SOA News Desk
Beyond SOA - What's Next?
Consider event-driven architecture, dynamic interface adjustment, and transactional intermediation
By: Ross Altman
Dec. 28, 2007 11:00 AM
We’ve come pretty far with SOA. Gartner reports that “SOA” is the most widely used search term on their Website. On Google, a search for “SOA” turns up 6,750,000 matches. And all of us in IT probably have to wade through some discussion related to SOA on a daily basis.
That’s a pretty impressive level of awareness and mind share. Let’s not consider this a “mission accomplished” situation though; there’s still a lot to do to mature our current approach to SOA. For example, we need to improve the clarity and completeness of the various Web services standards and, when they become available, we have to ensure that this more complete, mature, coherent set of standards is broadly adopted.
Consider the issues of building and maintaining the federated identity management frameworks that are necessary to provide the foundation for secure SOA implementations. Sure, our early SOA applications can be made fairly secure with user IDs and passwords, local LDAP directories and SSL. However, real-world SOA deployments link applications from multiple enterprises across multiple network and organizational boundaries. Security for those deployments is several orders of magnitude more complex to implement.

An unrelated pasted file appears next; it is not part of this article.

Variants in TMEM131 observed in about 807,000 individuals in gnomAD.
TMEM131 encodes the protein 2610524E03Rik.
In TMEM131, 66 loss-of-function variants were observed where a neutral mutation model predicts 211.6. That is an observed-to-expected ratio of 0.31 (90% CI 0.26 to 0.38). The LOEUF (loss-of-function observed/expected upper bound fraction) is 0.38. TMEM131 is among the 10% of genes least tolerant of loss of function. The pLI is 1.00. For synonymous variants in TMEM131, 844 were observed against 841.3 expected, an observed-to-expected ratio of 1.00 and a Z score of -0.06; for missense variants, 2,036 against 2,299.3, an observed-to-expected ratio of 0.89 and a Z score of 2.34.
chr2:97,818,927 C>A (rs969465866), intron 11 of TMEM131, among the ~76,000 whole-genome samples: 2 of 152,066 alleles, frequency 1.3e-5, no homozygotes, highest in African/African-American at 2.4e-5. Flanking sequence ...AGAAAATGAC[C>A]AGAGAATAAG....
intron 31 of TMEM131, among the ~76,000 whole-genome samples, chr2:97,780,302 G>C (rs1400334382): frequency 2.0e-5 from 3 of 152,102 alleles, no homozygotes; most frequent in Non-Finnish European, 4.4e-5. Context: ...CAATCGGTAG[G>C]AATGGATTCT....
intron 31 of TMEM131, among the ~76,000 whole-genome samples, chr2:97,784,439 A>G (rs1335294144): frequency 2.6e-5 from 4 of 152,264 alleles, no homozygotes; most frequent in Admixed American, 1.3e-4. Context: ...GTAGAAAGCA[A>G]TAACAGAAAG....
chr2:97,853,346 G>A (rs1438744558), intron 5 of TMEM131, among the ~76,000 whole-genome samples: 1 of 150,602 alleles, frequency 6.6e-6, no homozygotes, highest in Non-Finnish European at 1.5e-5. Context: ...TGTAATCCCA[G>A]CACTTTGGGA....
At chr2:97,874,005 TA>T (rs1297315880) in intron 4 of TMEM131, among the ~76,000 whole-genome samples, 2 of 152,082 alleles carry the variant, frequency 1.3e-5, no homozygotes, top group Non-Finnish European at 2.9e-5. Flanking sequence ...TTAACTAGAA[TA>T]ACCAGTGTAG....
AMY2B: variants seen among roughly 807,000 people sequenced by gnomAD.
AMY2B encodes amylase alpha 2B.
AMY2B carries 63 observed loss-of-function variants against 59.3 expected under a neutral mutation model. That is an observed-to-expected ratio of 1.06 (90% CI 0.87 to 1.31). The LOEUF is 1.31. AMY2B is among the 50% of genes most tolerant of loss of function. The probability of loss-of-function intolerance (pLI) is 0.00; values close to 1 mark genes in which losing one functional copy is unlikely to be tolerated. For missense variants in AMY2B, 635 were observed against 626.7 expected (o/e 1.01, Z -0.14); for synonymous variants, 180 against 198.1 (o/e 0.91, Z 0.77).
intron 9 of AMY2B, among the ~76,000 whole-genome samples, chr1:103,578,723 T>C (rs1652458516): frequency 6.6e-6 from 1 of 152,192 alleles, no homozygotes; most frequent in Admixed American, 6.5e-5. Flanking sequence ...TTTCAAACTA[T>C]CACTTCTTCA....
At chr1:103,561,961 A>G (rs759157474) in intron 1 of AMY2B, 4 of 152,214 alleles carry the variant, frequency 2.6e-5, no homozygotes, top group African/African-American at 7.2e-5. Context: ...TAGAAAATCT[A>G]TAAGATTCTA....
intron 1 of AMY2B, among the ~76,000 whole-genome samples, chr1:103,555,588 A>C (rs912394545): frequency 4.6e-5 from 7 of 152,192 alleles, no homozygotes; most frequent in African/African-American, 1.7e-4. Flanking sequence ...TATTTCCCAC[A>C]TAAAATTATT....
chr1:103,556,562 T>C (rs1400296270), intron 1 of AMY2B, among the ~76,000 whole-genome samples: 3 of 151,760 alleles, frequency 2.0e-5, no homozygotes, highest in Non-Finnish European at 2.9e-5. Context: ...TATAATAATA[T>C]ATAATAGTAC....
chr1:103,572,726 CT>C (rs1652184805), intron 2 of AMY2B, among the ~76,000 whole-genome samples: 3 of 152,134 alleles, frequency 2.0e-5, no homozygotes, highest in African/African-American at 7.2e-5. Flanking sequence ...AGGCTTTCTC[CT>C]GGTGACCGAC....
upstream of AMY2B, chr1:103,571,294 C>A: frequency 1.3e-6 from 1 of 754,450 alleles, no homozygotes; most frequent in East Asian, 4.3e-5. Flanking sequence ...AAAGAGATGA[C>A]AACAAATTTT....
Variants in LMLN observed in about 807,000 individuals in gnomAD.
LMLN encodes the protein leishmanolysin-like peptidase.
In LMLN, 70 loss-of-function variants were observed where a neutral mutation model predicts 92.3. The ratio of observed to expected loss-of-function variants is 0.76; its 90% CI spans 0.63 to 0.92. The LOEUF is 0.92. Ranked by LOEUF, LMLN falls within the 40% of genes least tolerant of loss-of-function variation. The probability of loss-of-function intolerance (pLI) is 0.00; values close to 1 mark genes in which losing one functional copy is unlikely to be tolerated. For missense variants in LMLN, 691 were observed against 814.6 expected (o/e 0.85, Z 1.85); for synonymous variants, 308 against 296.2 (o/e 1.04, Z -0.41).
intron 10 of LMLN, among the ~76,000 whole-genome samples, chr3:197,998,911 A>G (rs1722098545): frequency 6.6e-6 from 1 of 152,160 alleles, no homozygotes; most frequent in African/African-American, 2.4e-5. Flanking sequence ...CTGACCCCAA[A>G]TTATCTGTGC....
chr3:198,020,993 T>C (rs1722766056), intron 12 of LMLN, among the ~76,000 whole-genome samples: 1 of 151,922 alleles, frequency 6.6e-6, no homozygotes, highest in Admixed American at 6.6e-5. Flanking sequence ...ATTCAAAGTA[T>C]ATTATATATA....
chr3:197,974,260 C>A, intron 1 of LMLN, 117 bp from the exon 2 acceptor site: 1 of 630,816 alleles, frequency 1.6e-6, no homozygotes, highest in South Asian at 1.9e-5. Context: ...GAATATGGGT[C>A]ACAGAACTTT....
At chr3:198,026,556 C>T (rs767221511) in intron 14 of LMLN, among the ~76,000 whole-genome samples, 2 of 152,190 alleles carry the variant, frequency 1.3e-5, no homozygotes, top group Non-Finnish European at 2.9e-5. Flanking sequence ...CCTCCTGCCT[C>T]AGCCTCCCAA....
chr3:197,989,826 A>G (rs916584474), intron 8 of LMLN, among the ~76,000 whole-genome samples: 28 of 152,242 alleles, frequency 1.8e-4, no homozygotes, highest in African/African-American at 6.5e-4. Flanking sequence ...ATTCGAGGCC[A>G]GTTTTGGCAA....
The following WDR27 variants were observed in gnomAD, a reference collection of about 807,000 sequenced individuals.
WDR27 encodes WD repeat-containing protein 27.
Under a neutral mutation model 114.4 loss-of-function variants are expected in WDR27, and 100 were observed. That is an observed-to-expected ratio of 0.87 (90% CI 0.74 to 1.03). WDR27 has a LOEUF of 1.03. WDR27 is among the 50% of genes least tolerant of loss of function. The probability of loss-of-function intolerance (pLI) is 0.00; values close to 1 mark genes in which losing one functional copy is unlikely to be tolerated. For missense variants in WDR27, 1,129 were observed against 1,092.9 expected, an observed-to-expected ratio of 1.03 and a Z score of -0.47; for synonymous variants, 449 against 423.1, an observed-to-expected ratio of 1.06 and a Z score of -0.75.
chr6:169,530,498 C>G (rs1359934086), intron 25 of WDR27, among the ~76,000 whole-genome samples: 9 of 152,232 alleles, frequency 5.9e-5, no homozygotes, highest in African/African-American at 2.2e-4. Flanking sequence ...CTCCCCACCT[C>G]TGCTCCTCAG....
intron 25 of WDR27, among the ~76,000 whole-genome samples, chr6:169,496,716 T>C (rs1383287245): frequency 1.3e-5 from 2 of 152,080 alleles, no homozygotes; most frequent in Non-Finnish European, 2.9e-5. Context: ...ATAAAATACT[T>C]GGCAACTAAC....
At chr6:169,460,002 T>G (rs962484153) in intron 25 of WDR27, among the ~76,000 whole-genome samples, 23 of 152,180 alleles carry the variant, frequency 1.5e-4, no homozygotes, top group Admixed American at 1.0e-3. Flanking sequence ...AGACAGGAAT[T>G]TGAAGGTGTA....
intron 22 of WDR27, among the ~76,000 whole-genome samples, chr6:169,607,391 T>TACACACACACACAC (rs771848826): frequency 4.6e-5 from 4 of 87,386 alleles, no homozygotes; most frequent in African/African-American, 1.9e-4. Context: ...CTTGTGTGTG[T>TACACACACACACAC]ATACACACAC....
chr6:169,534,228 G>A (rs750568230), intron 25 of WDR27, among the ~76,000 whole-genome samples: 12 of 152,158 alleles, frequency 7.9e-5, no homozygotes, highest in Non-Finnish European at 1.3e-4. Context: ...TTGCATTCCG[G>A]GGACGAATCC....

We also need to be constantly aware of the need to standardize the format and semantics of the data that we send and receive over our SOA. We need to be just as clear as to the process semantics that surround and govern each of the exchanges as we are of those that make up our SOA-based composite applications.
Finally, don’t forget the challenge of connecting our composite applications with all of the small and very small enterprises that don’t have the technical capability to implement Web services stacks, data transformation programs, orchestration solutions, and all of the other technologies that generally go into building an enterprise-class SOA infrastructure.
How do we address issues like this? While there are approaches that are entirely valid for fixing each of these problems individually, we need a Web services intermediary of some kind to fix all four.
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